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Fair is the Rose    by Liz Curtis Higgs order for
Fair is the Rose
by Liz Curtis Higgs
Order:  USA  Can
WaterBrook Press, 2004 (2004)
Paperback, Audio, CD

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* * *   Reviewed by Melissa Parcel

This 2nd in the trilogy is set in 1789, Scotland. Both Leana and Rose McBride desired to marry their cousin, Jamie McKie. Jamie had come to their home to seek refuge from the brother who wanted to kill him after Jamie stole their father's blessing. Although Jamie fell in love with Rose and the two were to be married, circumstances kept Rose from the wedding and Leana served as bride in her proxy. Through a series of misunderstandings, Leana entered Jamie's room and the two consummated the union. This produced a son, and now, although Jamie's heart still aches for Rose, he makes the commitment to give Leana his unconditional love.

Rose desperately wants to be with Jamie. Her love for him grows each day. She still loves her sister, although the sting of betrayal remains. Rose heads off to school and attempts to move on with her life. Things seem to be working out for everyone until they learn shocking news about the legality of Jamie and Leana's union. Where is God in all the heartache? Fair is the Rose is a darker, although necessary, addition to this trilogy. As the second book, it sets up many things and leaves them hanging, in order to have a more dramatic ending. Leana's steadfastness in her love and commitment to Jamie (even when things look bleak) is uplifting. There are many times during the story that I disliked Rose and didn't know if anything could be written to redeem her in my eyes. The sorrow the reader feels is very real, and the betrayal hurts almost as if these characters were members of one's own family.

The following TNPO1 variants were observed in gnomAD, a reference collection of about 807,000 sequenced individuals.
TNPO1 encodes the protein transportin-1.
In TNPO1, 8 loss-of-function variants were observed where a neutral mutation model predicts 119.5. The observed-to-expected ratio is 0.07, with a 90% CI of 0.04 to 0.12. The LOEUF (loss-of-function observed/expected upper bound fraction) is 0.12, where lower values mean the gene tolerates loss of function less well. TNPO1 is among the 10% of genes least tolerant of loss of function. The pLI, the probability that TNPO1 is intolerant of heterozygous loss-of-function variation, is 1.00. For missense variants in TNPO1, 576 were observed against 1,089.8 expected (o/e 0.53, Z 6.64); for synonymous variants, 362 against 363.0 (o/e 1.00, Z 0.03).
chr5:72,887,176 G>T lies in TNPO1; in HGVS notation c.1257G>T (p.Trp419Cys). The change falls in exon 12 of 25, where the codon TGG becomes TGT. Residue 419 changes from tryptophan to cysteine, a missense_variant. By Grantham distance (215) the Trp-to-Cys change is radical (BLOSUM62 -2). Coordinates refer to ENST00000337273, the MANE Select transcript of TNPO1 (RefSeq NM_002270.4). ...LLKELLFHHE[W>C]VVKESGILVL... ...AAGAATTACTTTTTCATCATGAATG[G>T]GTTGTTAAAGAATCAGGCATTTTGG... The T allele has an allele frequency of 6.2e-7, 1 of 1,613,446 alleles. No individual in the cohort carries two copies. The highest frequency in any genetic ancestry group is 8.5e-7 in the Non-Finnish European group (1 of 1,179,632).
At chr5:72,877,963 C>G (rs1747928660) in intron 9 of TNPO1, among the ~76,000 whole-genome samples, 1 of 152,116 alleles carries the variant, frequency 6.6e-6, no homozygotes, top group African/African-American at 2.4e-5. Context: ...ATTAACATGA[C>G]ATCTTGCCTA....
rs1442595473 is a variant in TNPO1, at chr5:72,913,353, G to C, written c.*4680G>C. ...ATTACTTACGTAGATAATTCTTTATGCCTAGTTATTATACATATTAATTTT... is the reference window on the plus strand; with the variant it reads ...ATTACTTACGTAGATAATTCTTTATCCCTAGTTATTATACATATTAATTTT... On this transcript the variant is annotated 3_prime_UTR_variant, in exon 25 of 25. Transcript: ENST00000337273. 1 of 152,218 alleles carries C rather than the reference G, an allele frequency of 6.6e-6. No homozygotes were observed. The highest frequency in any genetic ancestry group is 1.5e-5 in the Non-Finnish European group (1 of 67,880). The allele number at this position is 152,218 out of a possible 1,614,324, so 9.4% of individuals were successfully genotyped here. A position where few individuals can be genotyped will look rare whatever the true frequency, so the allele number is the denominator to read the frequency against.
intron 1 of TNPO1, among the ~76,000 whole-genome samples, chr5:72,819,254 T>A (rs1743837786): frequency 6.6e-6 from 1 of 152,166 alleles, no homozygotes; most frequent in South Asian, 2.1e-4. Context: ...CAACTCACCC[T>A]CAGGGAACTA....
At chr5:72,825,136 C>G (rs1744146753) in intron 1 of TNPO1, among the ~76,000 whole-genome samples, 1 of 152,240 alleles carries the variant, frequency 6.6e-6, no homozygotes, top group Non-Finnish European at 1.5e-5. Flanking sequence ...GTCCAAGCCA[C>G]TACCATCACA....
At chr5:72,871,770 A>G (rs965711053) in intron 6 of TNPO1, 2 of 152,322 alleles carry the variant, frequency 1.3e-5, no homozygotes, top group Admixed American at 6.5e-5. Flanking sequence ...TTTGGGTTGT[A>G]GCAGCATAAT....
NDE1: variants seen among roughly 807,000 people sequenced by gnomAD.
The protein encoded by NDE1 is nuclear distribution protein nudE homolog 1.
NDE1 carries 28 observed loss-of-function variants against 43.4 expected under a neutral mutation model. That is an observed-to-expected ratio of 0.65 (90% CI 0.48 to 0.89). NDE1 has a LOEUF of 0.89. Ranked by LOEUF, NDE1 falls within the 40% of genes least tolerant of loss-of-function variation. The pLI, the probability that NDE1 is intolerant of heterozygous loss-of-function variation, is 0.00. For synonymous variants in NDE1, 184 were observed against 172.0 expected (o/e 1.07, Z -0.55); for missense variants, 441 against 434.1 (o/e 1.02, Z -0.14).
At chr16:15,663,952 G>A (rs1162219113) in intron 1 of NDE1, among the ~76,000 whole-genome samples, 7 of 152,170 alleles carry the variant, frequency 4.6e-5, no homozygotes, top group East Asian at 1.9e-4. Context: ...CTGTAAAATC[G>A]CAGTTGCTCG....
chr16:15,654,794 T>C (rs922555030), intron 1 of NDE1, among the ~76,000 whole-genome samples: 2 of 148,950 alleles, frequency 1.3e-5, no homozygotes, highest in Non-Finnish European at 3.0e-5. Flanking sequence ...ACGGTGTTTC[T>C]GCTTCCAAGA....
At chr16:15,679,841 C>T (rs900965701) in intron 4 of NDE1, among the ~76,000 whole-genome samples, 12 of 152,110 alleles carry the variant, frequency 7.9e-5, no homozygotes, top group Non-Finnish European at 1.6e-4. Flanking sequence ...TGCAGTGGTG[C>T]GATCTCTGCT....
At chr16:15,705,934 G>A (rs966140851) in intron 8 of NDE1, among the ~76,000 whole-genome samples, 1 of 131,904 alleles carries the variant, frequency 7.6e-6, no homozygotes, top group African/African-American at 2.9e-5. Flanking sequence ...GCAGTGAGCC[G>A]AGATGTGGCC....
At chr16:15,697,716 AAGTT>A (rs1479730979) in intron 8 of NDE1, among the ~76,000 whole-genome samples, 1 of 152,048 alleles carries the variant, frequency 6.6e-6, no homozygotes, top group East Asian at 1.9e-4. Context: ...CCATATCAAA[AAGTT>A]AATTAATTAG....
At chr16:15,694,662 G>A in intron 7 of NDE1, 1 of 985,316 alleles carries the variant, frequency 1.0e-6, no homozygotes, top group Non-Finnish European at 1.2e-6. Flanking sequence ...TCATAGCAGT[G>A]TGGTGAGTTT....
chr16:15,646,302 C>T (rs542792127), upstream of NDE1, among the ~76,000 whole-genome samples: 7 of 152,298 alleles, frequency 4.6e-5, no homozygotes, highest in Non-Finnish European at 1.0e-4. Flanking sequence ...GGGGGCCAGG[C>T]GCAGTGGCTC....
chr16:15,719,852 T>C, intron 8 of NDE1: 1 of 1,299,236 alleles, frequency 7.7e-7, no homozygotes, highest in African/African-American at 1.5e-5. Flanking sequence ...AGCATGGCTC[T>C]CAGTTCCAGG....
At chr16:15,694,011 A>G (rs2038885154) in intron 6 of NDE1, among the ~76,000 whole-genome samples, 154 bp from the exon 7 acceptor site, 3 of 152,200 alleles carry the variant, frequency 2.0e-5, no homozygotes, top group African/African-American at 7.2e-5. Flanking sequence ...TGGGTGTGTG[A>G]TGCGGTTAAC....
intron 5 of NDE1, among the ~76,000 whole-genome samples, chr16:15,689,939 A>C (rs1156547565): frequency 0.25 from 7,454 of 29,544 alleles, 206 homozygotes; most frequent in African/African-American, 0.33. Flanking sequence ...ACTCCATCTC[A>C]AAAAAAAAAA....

Lachlan's underhanded scheming comes more to light in this episode. The utterly unfair, yet completely realistic, practices of the 18th century church are also shown. Complicated plotting and characterization puts this book in a class by itself. It's important to read the first in the series, A Thorn in My Heart, before this episode, as many characters and their journeys will not be easily understood without it (the author avoids re-stating the previous plot except in very crucial scenes). A discussion guide and Scottish glossary are included. The main theme of Fair is the Rose is forgiveness - mainly God's forgiveness and ability to help anyone, even those most betrayed, to forgive.

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